Text generation with Hugging Face

An exploration of the Hugging Face text-to-text generation pipeline.


We're Apify, a full-stack web scraping and browser automation platform. As a result, it serves as a bridge between the web's vast data resources and sophisticated AI tools like Hugging Face. 

Following our article on machine translation, our Hugging Face series continues here.

The power of the pen is undisputed. Be it celebrities, politicians, or miser billionaires, at the end of the day, everyone resorts to writing or using the services of some ghostwriter to present a better picture of their views. With the advent of AI, we have gradually developed a number of models for a number of NLP tasks, including text generation.

Text generation models are quite helpful as they let us generate some text as per our requirements. I remember the very first time I felt the need to have such a system was back in early 2019 when I found some characters from classical literature pretty interesting (like Gavroche, the careless street urchin we all love) and wanted to emulate their talking style in some other text. In other words, I wanted to apply style transfer to the text rather than images.

Fast forward to 2021, and when GPT-3 introduced its API for the first time, I was able to fulfill my dreams and really play around with a number of literary characters, etc.

Let’s begin with the text generation.

import sentencepiece
from transformers import pipeline

Since we have a number of text generation tasks, respective pipelines are also diverse. Let’s begin with a simple generation.

generator = pipeline("text-generation")

By default, it uses the GPT-2 model. GPT-2 was the second of the Generative Pre-trained Transformers (GPT) family of large language models by OpenAI.

Although trained on much lesser data/fewer parameters, GPT-2 is still a pretty powerful model. More importantly, it is open source and hence used in a number of NLP tasks.

GPT-2 was introduced in 2019. Unlike its successors, GPT-3 and GPT-4, it is open-source, and hence we can use it. In simple text generation, we provide an “ice-breaker”, and it generates the text accordingly. We can customize the length by specifying the max_length argument.

generator("It's still unbelievable what Hannibal achieved in the BC times with the elephants. Arguably", max_length=240)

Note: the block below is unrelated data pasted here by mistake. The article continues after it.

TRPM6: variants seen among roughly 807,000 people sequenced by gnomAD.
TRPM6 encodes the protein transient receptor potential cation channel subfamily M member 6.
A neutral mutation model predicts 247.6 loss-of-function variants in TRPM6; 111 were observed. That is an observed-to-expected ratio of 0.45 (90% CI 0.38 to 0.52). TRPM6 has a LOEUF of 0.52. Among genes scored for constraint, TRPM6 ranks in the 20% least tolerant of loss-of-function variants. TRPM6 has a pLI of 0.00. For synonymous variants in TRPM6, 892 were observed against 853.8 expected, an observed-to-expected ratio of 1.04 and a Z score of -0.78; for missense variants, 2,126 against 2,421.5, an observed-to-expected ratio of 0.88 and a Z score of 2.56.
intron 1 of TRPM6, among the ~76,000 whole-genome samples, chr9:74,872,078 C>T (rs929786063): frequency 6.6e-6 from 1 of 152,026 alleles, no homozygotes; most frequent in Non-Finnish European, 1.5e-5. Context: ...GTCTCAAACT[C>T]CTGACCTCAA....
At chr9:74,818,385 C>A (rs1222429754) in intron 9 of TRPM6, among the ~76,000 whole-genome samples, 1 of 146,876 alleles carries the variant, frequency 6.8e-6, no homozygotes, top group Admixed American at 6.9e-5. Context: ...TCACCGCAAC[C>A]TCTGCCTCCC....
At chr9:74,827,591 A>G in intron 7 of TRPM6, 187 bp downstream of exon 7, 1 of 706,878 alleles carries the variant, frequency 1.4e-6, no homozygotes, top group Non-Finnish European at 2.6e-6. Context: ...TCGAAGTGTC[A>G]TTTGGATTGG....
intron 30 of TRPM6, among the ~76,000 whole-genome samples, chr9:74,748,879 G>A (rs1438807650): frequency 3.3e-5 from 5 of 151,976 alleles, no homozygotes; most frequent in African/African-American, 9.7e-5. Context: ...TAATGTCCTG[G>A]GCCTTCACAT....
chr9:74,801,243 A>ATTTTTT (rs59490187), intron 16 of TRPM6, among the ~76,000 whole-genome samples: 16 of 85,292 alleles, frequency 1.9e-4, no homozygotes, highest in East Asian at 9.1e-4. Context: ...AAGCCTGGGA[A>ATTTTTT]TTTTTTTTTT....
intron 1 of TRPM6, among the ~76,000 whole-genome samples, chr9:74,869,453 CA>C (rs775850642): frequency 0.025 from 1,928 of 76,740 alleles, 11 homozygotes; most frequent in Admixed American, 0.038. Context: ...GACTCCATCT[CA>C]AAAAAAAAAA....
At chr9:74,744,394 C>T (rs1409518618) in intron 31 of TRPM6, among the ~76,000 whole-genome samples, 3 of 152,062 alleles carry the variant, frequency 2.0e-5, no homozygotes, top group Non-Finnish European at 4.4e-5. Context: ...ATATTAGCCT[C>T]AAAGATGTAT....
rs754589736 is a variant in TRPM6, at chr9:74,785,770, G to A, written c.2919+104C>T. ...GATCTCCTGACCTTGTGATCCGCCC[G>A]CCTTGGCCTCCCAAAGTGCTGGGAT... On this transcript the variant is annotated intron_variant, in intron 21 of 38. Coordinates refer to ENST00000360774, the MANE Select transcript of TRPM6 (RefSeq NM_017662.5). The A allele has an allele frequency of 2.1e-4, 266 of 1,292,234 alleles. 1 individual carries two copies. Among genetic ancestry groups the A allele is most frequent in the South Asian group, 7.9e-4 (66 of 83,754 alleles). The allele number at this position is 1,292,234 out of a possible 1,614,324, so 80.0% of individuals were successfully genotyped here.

[{'generated_text': "It's still unbelievable what Hannibal achieved in the BC times with the elephants. Arguably one of the most amazing things.\n\nNow that we're really on his heels, I'd love to hear from you. In the same vein that we have with Marnie, are you up to having your stories told as a fan or just looking to bring back the memory of the night you went to see Hannibal play live?\n\nI'm looking forward to the challenge of doing that with your audience, and with all of you. It's always exciting.\n\nIn the wake of the death of a beloved and beloved cast member, the next big thing we wanted to do is bring something special to the show, one story that you could never have predicted. We love how he kept coming back.\n\nI believe the show has a long way to go after his death. He's a pretty sweet guy, but with his life, his career, his family, his character it's time that we really took a look at that.\n\nDo you have any specific questions to share about your work with new fans?"}]

The same opening can lead to a diverse set of outputs. It’s possible that you get a different output than what I got here (and this should happen as it's a stochastic system, not a fixed database). Let’s try another:

generator("I look out the window at the forest. It is starting to blow. I can see the shape of the wind on the water.", max_length=360)


[{'generated_text': 'I look out the window at the forest. It is starting to blow. I can see the shape of the wind on the water. Something is going to happen. But, for now it is too late."\n\nHe looked at her and then at herself. "I didn\'t die. It is your fault I went through what I did." He sat back down again, then took a good deep breath and said, "If I could say I lost another leg, or it might not have occurred to them that I would have died when I was still a child, what is that, you being sad?"\n\nShe could tell he was struggling with her. Not a single hint of sorrow, either.\n\n"Well, you have got to give up," he said, "so it won\'t happen to you again. We will try to do this once or twice before we\'re all gone. I would like all people to know that, don\'t get in your way."\n\nThe two of them laughed and laughed again. At the sound of his voice. She had never been through something like it before. "Do your best, you have to go on."\n\nHe took out his phone and started at her feet and looked at her. "Let\'s be real, you are still a human being," he said, "and not just a human being." He went to the phone again and took it again. At only moments, the phone stopped ringing.\n\nShe heard a small gasp. "What did you do?"\n\nHe tried to cover his mouth but couldn\'t. "Yeah, I didn\'t get there." He got an angry look in his eyes. "I didn\'t get there until two o\'clock."\n\nShe looked away'}]

Whoa! This is poetic. I am sure Per Petterson would be proud of that. Let’s try how GPT2 will try to write like Tolstoy:

generator("But when Volkónski said, with a frown, that it was in the Emperor’s name that he asked his opinion, Pfuel rose and, suddenly growing animated, began to speak: ", max_length=300)